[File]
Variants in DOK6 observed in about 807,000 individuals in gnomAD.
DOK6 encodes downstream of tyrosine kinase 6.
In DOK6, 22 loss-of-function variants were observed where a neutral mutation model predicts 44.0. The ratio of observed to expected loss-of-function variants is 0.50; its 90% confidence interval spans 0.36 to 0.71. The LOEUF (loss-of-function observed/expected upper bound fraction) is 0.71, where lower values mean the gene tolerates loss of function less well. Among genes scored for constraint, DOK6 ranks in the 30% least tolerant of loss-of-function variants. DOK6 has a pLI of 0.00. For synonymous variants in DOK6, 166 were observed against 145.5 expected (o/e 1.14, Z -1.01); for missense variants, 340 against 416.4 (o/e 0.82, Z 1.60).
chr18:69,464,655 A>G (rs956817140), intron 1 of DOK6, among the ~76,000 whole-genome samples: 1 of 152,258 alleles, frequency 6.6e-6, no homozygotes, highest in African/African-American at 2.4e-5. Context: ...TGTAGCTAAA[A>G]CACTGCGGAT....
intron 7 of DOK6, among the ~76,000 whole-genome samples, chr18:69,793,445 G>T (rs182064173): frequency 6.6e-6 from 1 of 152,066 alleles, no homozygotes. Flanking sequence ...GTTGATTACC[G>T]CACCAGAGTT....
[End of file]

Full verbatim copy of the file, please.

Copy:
Variants in DOK6 observed in about 807,000 individuals in gnomAD.
DOK6 encodes downstream of tyrosine kinase 6.
In DOK6, 22 loss-of-function variants were observed where a neutral mutation model predicts 44.0. The ratio of observed to expected loss-of-function variants is 0.50; its 90% confidence interval spans 0.36 to 0.71. The LOEUF (loss-of-function observed/expected upper bound fraction) is 0.71, where lower values mean the gene tolerates loss of function less well. Among genes scored for constraint, DOK6 ranks in the 30% least tolerant of loss-of-function variants. DOK6 has a pLI of 0.00. For synonymous variants in DOK6, 166 were observed against 145.5 expected (o/e 1.14, Z -1.01); for missense variants, 340 against 416.4 (o/e 0.82, Z 1.60).
chr18:69,464,655 A>G (rs956817140), intron 1 of DOK6, among the ~76,000 whole-genome samples: 1 of 152,258 alleles, frequency 6.6e-6, no homozygotes, highest in African/African-American at 2.4e-5. Context: ...TGTAGCTAAA[A>G]CACTGCGGAT....
intron 7 of DOK6, among the ~76,000 whole-genome samples, chr18:69,793,445 G>T (rs182064173): frequency 6.6e-6 from 1 of 152,066 alleles, no homozygotes. Flanking sequence ...GTTGATTACC[G>T]CACCAGAGTT....